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ON VALUATION AND RISK MANAGEMENT AT THE INTERFACE OF INSURANCE AND FINANCE
"... This paper reviews methods for hedging and valuation of insurance claims with an inherent financial risk, with special emphasis on quadratic hedging approaches and indifference pricing principles and their applications in insurance. It thus addresses aspects of the interplay between finance and insu ..."
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This paper reviews methods for hedging and valuation of insurance claims with an inherent financial risk, with special emphasis on quadratic hedging approaches and indifference pricing principles and their applications in insurance. It thus addresses aspects of the interplay between finance and insurance, an area which has gained considerable attention during the past years, in practice as well as in theory. Products combining insurance risk and financial risk have gained considerable market shares. Special attention is paid to unitlinked life insurance contracts, and it is demonstrated how these contracts can be valuated and hedged by using traditional methods as well as more recent methods from incomplete financial markets such as riskminimization, meanvariance hedging, superreplication and indifference pricing with meanvariance utility functions.
From Financial Economics to Fair Valuation
, 2001
"... In this paper we address the issue of how to establish the fair value of an insurancelinked liability. This is done by considering the introduction into a simple, oneperiod market model of a new and quite general security (which, amongst other things, could be such a liability). We investigate the ..."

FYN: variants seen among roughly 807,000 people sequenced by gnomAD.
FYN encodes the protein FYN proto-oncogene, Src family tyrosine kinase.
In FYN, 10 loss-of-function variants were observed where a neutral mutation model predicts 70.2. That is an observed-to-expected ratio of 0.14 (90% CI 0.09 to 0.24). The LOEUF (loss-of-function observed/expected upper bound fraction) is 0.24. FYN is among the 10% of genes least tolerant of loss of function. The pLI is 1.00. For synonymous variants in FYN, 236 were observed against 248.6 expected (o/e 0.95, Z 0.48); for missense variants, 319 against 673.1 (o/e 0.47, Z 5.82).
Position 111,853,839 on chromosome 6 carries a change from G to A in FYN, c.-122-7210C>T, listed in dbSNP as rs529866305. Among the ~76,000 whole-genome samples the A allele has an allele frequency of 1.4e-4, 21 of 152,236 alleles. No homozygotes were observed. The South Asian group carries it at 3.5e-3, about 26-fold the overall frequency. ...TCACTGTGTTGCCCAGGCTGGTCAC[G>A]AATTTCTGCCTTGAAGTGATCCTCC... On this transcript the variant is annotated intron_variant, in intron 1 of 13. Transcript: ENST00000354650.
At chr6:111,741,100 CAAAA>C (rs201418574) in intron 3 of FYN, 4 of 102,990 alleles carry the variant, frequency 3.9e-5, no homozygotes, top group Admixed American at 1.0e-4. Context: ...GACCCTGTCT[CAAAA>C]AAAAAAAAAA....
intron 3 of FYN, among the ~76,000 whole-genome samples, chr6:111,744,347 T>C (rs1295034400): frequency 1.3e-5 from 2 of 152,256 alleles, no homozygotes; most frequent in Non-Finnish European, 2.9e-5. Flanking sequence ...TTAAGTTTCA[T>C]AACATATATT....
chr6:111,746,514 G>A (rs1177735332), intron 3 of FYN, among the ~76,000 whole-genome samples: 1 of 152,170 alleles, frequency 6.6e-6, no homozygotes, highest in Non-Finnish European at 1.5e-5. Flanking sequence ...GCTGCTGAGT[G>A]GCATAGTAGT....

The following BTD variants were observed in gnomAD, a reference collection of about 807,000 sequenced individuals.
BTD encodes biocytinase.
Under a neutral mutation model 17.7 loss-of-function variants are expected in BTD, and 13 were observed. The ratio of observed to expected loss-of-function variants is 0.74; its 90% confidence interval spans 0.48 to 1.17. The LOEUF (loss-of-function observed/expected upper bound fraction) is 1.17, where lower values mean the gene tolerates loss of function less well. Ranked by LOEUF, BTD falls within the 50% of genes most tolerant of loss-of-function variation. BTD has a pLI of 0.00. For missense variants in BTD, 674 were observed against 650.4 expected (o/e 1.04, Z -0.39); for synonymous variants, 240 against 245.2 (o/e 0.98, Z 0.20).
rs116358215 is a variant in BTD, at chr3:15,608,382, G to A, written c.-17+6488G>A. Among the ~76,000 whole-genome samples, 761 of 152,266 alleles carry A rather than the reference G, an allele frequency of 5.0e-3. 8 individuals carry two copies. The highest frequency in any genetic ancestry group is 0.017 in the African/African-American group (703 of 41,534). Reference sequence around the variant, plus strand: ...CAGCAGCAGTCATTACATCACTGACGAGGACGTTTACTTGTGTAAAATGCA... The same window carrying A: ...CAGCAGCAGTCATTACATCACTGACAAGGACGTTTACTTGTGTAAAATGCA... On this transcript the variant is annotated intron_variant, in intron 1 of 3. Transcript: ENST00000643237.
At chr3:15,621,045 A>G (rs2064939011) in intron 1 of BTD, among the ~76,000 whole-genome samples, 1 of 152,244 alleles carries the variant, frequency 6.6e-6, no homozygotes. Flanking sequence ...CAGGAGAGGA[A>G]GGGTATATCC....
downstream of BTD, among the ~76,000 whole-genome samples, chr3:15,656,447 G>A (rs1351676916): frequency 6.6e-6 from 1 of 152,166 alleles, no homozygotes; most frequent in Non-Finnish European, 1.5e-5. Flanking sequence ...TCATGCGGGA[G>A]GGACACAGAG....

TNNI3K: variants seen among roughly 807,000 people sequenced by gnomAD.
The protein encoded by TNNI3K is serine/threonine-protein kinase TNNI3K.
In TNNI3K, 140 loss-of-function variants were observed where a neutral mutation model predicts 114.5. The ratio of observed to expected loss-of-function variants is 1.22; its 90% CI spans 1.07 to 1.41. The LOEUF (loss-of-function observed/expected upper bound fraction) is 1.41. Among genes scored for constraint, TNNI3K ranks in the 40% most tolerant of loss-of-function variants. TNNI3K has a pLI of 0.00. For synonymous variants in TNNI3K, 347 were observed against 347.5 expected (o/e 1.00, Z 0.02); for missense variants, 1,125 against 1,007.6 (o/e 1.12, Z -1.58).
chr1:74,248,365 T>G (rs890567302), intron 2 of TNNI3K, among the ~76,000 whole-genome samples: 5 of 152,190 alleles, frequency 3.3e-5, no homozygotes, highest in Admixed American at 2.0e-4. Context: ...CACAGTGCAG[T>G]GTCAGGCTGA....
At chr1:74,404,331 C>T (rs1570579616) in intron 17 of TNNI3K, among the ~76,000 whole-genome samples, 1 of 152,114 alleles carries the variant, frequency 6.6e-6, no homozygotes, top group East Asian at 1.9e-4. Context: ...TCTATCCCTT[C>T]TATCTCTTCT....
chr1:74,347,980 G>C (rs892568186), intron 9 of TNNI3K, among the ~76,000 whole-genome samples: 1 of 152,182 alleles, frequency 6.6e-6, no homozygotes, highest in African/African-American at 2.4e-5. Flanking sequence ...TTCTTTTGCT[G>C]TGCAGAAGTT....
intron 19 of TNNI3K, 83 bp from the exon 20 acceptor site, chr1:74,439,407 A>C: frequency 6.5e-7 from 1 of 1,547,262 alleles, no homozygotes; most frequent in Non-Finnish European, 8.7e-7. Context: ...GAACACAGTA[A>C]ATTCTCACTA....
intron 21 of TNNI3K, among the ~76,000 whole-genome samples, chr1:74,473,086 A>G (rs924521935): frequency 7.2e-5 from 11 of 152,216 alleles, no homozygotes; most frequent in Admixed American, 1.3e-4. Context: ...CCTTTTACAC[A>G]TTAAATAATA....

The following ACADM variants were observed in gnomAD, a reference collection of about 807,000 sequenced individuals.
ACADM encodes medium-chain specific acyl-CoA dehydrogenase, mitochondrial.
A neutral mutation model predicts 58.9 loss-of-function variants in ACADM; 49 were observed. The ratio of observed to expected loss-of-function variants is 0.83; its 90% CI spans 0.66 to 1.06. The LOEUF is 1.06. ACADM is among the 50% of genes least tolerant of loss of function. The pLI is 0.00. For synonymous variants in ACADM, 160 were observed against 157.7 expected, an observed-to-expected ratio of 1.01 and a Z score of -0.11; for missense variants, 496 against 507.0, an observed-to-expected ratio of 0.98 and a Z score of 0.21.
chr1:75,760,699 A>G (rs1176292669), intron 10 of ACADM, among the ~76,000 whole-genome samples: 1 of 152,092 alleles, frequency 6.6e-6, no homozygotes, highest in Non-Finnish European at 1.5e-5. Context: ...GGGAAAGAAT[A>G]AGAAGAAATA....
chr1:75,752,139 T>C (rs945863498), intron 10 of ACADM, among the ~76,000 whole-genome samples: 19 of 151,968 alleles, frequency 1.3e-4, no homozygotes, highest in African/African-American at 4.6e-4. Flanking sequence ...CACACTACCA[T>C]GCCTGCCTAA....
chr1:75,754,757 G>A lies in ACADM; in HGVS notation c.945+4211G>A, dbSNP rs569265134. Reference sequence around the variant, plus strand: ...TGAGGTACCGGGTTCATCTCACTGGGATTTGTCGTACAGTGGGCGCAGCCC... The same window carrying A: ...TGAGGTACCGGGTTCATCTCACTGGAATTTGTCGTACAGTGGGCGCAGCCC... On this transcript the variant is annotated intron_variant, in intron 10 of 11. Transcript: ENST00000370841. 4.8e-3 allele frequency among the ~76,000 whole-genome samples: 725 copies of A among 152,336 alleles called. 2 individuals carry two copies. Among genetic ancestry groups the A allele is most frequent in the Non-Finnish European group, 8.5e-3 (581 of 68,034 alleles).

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In this paper we address the issue of how to establish the fair value of an insurancelinked liability. This is done by considering the introduction into a simple, oneperiod market model of a new and quite general security (which, amongst other things, could be such a liability). We investigate the impact of this new security on the market and attempt to predict the price (the fair value) at which it will enter the market, assuming a liquid market.
Pricing Contingent Claims in Incomplete Markets When the Holder Can Choose Among Different Payoffs
"... We suggest a valuation principle to price general claims giving the holder the right to choose (in a predefined way) among several random payoffs in an incomplete financial market. Examples are socalled "chooser options" and American options with finitely many possible exertion times but also some ..."
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We suggest a valuation principle to price general claims giving the holder the right to choose (in a predefined way) among several random payoffs in an incomplete financial market. Examples are socalled "chooser options" and American options with finitely many possible exertion times but also some life insurance contracts. Our premium is defined by the minimal amount the writer must receive at time zero such that for all possible decision functions of the holder, the writer's utility is at least as big as the utility he would have if he did not offer this contingent claim. The valuation principle is consistent with noarbitrage and can be interpreted as a generalization of Schweizer's indi erence principle [17]. We show that in a complete financial market or, in general, if the writer has an exponential utility function, our premium is the supremum over all "utilityindifference premiums" related to all fixed random payo s we get by xing the decision function of the holder. In general, our premium can be even larger than this supremum as we show by an example.
Hedging with a Correlated Asset: Solution of a Nonlinear Pricing PDE ∗
, 2005
"... Hedging a contingent claim with an asset which is not perfectly correlated with the underlying asset results in unhedgeable residual risk. Even if the residual risk is considered diversifiable, the option writer is faced with the problem of uncertainty in the estimation of the drift rates of the und ..."